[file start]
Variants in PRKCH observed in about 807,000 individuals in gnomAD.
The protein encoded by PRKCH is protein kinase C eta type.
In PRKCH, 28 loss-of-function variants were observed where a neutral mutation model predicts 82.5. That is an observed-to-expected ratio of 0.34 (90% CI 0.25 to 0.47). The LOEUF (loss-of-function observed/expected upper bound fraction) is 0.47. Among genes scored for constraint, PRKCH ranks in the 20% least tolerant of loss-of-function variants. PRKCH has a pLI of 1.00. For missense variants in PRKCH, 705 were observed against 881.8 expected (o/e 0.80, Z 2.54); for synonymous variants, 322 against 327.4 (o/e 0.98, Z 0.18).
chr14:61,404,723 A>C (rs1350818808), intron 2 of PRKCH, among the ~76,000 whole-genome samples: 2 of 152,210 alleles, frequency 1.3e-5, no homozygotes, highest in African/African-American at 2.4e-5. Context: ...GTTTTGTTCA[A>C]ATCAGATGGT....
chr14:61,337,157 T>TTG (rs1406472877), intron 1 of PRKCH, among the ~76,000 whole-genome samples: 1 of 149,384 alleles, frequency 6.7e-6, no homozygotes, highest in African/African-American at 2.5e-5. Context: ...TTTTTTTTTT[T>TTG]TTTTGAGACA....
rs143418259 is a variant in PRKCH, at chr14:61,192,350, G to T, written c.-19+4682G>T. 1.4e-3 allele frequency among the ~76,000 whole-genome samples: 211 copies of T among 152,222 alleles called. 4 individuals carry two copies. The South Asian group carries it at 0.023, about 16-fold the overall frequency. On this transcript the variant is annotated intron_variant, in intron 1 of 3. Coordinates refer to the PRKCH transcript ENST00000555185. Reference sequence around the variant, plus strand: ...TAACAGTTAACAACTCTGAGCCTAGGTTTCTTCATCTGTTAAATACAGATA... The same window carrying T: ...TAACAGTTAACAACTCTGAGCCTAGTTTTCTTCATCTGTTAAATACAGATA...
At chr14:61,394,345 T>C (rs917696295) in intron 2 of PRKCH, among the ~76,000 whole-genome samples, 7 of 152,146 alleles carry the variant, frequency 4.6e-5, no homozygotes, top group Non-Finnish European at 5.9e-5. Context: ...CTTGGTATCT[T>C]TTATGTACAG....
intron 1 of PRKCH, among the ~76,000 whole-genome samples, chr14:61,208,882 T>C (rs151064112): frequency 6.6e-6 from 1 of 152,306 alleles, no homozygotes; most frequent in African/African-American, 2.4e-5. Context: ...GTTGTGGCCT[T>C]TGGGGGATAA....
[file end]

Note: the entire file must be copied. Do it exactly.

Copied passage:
Variants in PRKCH observed in about 807,000 individuals in gnomAD.
The protein encoded by PRKCH is protein kinase C eta type.
In PRKCH, 28 loss-of-function variants were observed where a neutral mutation model predicts 82.5. That is an observed-to-expected ratio of 0.34 (90% CI 0.25 to 0.47). The LOEUF (loss-of-function observed/expected upper bound fraction) is 0.47. Among genes scored for constraint, PRKCH ranks in the 20% least tolerant of loss-of-function variants. PRKCH has a pLI of 1.00. For missense variants in PRKCH, 705 were observed against 881.8 expected (o/e 0.80, Z 2.54); for synonymous variants, 322 against 327.4 (o/e 0.98, Z 0.18).
chr14:61,404,723 A>C (rs1350818808), intron 2 of PRKCH, among the ~76,000 whole-genome samples: 2 of 152,210 alleles, frequency 1.3e-5, no homozygotes, highest in African/African-American at 2.4e-5. Context: ...GTTTTGTTCA[A>C]ATCAGATGGT....
chr14:61,337,157 T>TTG (rs1406472877), intron 1 of PRKCH, among the ~76,000 whole-genome samples: 1 of 149,384 alleles, frequency 6.7e-6, no homozygotes, highest in African/African-American at 2.5e-5. Context: ...TTTTTTTTTT[T>TTG]TTTTGAGACA....
rs143418259 is a variant in PRKCH, at chr14:61,192,350, G to T, written c.-19+4682G>T. 1.4e-3 allele frequency among the ~76,000 whole-genome samples: 211 copies of T among 152,222 alleles called. 4 individuals carry two copies. The South Asian group carries it at 0.023, about 16-fold the overall frequency. On this transcript the variant is annotated intron_variant, in intron 1 of 3. Coordinates refer to the PRKCH transcript ENST00000555185. Reference sequence around the variant, plus strand: ...TAACAGTTAACAACTCTGAGCCTAGGTTTCTTCATCTGTTAAATACAGATA... The same window carrying T: ...TAACAGTTAACAACTCTGAGCCTAGTTTTCTTCATCTGTTAAATACAGATA...
At chr14:61,394,345 T>C (rs917696295) in intron 2 of PRKCH, among the ~76,000 whole-genome samples, 7 of 152,146 alleles carry the variant, frequency 4.6e-5, no homozygotes, top group Non-Finnish European at 5.9e-5. Context: ...CTTGGTATCT[T>C]TTATGTACAG....
intron 1 of PRKCH, among the ~76,000 whole-genome samples, chr14:61,208,882 T>C (rs151064112): frequency 6.6e-6 from 1 of 152,306 alleles, no homozygotes; most frequent in African/African-American, 2.4e-5. Context: ...GTTGTGGCCT[T>C]TGGGGGATAA....